And good tires. Good tires and fork will get you down or up just about anything.
If the frame is upgradeable you are correct. However, this may or may not be possible. A good quality fork will likely be either 1.5 or tapered. The existing frame will not be able to accommodate a high quality modern fork if it designed around a 1 1/8th headtube diameter. Additionally, quality forks typically have 100 mm or greater travel. If the existing frame is designed with a lesser travel fork then a larger travel fork will alter the existing geometry (slacken head tube angle, increase bottom bracket height, lengthen the wheelbase, increase standover)
ronno2018
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Re: mountain bike purchase

Post by ronno2018 »

I have been happy with my Bikes Direct purchases. A bit of a gamble in regard to sizing. They have some nice choices -- http://www.bikesdirect.com/products/mot ... ension.htm
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Re: mountain bike purchase

Post by stoptothink »

alfaspider wrote: Mon Mar 09, 2020 2:06 pm If she's handy, you can get a lot more bike for the $$$ with one of the internet retailers like bikes direct. Purists will scoff, but many of the models are quite decent. I've ridden one of their road bikes (similar price range) for over a decade and still haven't found a compelling reason to upgrade.

Example: http://www.bikesdirect.com/products/mot ... s-my20.htm
I'm not a mountain biker, but this is absolutely the case with road bikes. I've had two $6k+ road bikes in the past and I love my $1k bikesdirect special (titanium cyclecross bike). I just picked it up from being tuned at my trusted local shop on Saturday; I would love to visit these shops that can match bikesdirect prices because anything similarly equipped at my trusted shop is at least twice the price. With a max budget of $1500, the pickings are going to be very slim at a shop for a full suspension.
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Re: mountain bike purchase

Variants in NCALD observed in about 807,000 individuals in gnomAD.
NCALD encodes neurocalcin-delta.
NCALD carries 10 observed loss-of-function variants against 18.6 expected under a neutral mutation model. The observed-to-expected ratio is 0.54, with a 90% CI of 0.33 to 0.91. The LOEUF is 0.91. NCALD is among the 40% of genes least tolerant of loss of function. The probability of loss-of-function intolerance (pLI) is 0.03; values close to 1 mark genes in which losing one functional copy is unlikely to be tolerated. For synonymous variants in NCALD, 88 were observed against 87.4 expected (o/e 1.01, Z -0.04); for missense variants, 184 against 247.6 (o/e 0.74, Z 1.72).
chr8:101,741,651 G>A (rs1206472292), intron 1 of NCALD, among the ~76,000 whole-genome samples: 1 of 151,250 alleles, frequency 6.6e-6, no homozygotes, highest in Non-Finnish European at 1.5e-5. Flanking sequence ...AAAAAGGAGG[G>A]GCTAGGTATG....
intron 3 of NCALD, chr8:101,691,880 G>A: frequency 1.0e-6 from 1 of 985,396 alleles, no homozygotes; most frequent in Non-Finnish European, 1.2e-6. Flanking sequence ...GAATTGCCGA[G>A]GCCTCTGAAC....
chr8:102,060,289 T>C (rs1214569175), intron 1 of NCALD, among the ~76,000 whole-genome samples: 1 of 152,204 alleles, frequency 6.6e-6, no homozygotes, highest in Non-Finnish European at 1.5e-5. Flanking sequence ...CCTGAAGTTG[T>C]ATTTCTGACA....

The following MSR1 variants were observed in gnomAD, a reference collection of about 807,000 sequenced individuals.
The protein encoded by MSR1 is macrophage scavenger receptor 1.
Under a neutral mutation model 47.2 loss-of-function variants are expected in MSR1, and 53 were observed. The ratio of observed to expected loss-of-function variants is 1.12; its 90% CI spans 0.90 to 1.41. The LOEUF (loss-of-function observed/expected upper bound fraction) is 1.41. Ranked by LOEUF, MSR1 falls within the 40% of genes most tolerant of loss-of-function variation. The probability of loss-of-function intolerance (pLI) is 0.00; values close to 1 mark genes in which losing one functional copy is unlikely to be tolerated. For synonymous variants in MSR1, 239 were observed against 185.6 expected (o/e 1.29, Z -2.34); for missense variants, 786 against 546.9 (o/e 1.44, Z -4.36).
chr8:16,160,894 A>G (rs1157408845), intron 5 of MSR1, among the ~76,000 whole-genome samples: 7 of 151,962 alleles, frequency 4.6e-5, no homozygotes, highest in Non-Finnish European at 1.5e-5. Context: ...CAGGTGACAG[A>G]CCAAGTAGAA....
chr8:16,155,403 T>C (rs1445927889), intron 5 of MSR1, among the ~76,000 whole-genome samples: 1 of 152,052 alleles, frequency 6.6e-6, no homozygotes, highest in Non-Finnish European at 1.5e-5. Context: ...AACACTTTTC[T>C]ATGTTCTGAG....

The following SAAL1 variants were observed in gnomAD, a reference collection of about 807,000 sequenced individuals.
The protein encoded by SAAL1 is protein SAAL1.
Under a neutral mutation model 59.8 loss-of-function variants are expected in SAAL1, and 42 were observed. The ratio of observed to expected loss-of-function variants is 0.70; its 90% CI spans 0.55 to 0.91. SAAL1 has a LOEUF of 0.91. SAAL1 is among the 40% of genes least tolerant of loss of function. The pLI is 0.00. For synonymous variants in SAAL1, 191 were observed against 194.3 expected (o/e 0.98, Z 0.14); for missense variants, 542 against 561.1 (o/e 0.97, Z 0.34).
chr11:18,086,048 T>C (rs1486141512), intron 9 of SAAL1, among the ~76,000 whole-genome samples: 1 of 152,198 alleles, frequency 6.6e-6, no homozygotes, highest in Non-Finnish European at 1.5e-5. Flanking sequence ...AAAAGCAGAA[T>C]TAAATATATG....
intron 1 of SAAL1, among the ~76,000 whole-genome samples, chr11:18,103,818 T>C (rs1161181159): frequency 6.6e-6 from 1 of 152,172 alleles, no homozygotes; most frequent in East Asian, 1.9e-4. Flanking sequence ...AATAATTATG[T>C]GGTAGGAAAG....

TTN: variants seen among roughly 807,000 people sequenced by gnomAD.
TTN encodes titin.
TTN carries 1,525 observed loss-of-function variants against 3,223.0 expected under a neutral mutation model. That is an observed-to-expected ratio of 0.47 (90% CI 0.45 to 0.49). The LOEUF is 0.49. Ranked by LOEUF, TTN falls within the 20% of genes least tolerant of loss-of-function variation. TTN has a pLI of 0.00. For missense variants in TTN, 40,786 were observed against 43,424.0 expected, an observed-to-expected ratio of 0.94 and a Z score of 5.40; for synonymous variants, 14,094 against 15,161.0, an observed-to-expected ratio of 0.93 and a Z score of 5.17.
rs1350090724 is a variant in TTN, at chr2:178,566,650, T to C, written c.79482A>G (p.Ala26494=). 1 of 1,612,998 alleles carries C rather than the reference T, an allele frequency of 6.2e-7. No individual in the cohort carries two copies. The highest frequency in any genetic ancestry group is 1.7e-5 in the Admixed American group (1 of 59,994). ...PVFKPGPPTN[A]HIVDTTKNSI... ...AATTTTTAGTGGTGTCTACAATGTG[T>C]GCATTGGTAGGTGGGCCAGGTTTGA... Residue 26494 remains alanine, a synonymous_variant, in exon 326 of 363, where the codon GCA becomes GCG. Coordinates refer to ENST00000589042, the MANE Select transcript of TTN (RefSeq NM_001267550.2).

Post by BSBHead »

Millennial wrote: Mon Mar 09, 2020 10:15 am The way to really get good bang for your buck with bikes is an online, direct to consumer company like YT, Canyon (on the higher end) or Bikes Direct (lower end). These come with some significant drawbacks though, as it's tough to determine sizing, it won't be tuned perfectly out of the box (or re-tuned at 30 days like most shops) and some assembly will be required.

If that doesn't sound like the right path for her (and it's not for many), then trying to go to several local bike shops and asking for their recommendations (and comparisons to other shops recs) is probably the best path.
I love Canyon bikes. I like the direct approach as I think you get value. I use a repair only shop (eg no retail on bikes) for repairs/tune-ups.
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Re: mountain bike purchase

Post by sk2101 »

BSBHead wrote: Mon Mar 09, 2020 3:15 pm
Millennial wrote: Mon Mar 09, 2020 10:15 am The way to really get good bang for your buck with bikes is an online, direct to consumer company like YT, Canyon (on the higher end) or Bikes Direct (lower end). These come with some significant drawbacks though, as it's tough to determine sizing, it won't be tuned perfectly out of the box (or re-tuned at 30 days like most shops) and some assembly will be required.

If that doesn't sound like the right path for her (and it's not for many), then trying to go to several local bike shops and asking for their recommendations (and comparisons to other shops recs) is probably the best path.
I love Canyon bikes. I like the direct approach as I think you get value. I use a repair only shop (eg no retail on bikes) for repairs/tune-ups.
+1 Canyon bikes. However they do have issues in keeping a good supply for the US market. But if you find what you need in stock then you're golden. I do all maintenance myself but there are many shops that specialize in bike repair, even mobile options that come to your house (I think Canyon partners with one of them to help people who can't put the bike together).
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TheAccountant
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Re: mountain bike purchase

Post by TheAccountant »